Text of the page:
Mary Riepma Ross Film Theater
University of Nebraska, Lincoln
Hixson-Lied College of Fine & Performing Arts

April 15, Tuesday

ADMISSION:
Evening
$9.75 Adults
$7.25 Students
$7.25 Children
$7.75 Military
$7.75 Seniors
$6.75 Members

Matinee
$7.75 Adults
$6.75 Students
$6.75 Children
$6.75 Military
$7.25 Seniors
$6.25 Members

Children are 12 and under, Seniors are 60 and older

Students and Military must show a valid ID to receive discount

We accept cash, check, NCard, Visa, and Mastercard

Box Office Opens 30 Minutes Before Showtimes



RATINGS:
Many of the films shown at The Ross are not rated due to the prohibitive cost of acquiring a rating from the Motion Picture Association of America. Consequently, as many of these films contain graphic content, viewer discretion is advised.

LOCATION:
313 N. 13 STREET
LINCOLN, NEBRASKA




The Nebraska Arts Council, a state agency, has supported the programs of this organization through its matching grants program funded by the Nebraska Legislature, the National Endowment for the Arts and the Nebraska Cultural Endowment. Visit www.nebraskaartscouncil.org for information on how the Nebraska Arts Council can assist your organization, or how you can support the Nebraska Cultural Endowment.
SYNECDOCHE, NEW YORK
Visit the Official Website
 
SYNECDOCHE, NEW YORK
Directed By: Charlie Kaufman
Runtime: 2 hours, 4 minutes
Rating: R for language and some sexual content/nudity
Distributor: Sony Pictures Classics
Country: USA
Release Date: October 24, 2008
With: Philip Seymour Hoffman, Samantha Morton, Michelle Williams, & Catherine Keener.

Synopsis
To say that Charlie Kaufman’s “Synecdoche, New York” is one of the best films of the year or even one closest to my heart is such a pathetic response to its soaring ambition that I might as well pack it in right now. That at least would be an appropriate response to a film about failure, about the struggle to make your mark in a world filled with people who are more gifted, beautiful, glamorous and desirable than the rest of us — we who are crippled by narcissistic inadequacy, yes, of course, but also by real horror, by zits, flab and the cancer that we know (we know!) is eating away at us and leaving us no choice but to lie down and die. — Manohla Dargis, The New York Times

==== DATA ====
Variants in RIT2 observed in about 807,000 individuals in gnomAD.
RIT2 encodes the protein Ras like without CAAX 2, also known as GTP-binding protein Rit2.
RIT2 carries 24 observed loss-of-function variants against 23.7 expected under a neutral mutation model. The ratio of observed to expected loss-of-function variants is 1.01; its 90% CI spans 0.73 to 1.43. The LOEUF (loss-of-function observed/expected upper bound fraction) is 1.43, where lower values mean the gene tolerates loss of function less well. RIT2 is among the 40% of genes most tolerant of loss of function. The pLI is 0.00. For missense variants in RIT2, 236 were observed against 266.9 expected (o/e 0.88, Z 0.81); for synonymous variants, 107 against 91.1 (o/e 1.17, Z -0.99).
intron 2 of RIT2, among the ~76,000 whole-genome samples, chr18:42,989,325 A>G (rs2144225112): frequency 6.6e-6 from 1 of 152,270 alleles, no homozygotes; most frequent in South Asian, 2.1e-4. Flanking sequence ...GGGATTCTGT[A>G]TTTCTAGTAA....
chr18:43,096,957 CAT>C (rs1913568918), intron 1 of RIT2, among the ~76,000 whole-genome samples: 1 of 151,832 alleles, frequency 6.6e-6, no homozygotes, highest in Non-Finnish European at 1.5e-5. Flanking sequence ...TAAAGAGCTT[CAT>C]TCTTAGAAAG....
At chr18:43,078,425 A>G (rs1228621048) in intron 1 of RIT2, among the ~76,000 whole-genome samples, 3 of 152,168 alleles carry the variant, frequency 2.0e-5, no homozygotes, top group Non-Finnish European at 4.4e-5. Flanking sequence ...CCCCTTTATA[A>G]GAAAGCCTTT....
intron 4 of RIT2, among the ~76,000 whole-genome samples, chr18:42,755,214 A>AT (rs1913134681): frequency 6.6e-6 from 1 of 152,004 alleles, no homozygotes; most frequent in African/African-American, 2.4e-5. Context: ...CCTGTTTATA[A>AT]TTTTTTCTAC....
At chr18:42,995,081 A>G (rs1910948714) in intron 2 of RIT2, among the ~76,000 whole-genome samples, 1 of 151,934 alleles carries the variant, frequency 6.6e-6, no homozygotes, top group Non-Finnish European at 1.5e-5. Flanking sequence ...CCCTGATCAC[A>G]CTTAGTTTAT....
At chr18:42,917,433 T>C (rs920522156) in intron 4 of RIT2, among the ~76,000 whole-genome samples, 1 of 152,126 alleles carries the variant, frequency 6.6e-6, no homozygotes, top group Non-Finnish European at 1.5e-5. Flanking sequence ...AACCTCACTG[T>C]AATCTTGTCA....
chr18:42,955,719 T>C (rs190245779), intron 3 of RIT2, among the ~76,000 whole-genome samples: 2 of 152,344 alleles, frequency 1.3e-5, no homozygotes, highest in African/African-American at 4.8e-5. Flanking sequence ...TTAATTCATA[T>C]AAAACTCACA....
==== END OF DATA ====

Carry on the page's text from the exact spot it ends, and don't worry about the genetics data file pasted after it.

Theater director Caden Cotard (Philip Seymour Hoffman) is mounting a new play. His life catering to suburban blue-hairs at the local regional theater in Schenectady, New York is looking bleak. His wife Adele (Catherine Keener) has left him to pursue her painting in Berlin, taking their young daughter Olive (Sadie Goldstein) with her. His therapist, Madeleine Gravis (Hope Davis), is better at plugging her best-seller than she is at counseling him. A new relationship with the alluringly candid Hazel (Samantha Morton) has prematurely run aground. And a mysterious condition is systematically shutting down each of his autonomic functions, one by one.

Worried about the transience of his life, he leaves his home behind. He gathers an ensemble cast into a warehouse in New York City, hoping to create a work of brutal honesty. He directs them in a celebration of the mundane, instructing each to live out their constructed lives in a growing mockup of the city outside.

However, as the city inside the warehouse grows, Caden's own life veers wildly off the tracks. Somewhere in Berlin, his daughter is growing up under the questionable guidance of Adele's friend, Maria (Jennifer Jason Leigh). His lingering attachments to both Adele and Hazel are causing him to helplessly drive his new marriage to actress Claire (Michelle Williams) into the ground. Sammy (Tom Noonan) and Tammy (Emily Watson), the actors hired to play Caden and Hazel, are making it difficult for the real Caden to revive his relationship with the real Hazel. The textured tangle of real and theatrical relationships blurs the line between the world of the play and that of Caden's own deteriorating reality.

The years rapidly fold into each other, and Caden buries himself deeper into his masterpiece. As he pushes the limits of his relationships, both personally and professionally, a change in creative direction arrives in Millicent Weems (Dianne Wiest), a celebrated theater actress who may offer Caden the break he needs.--© Sony Pictures Classics


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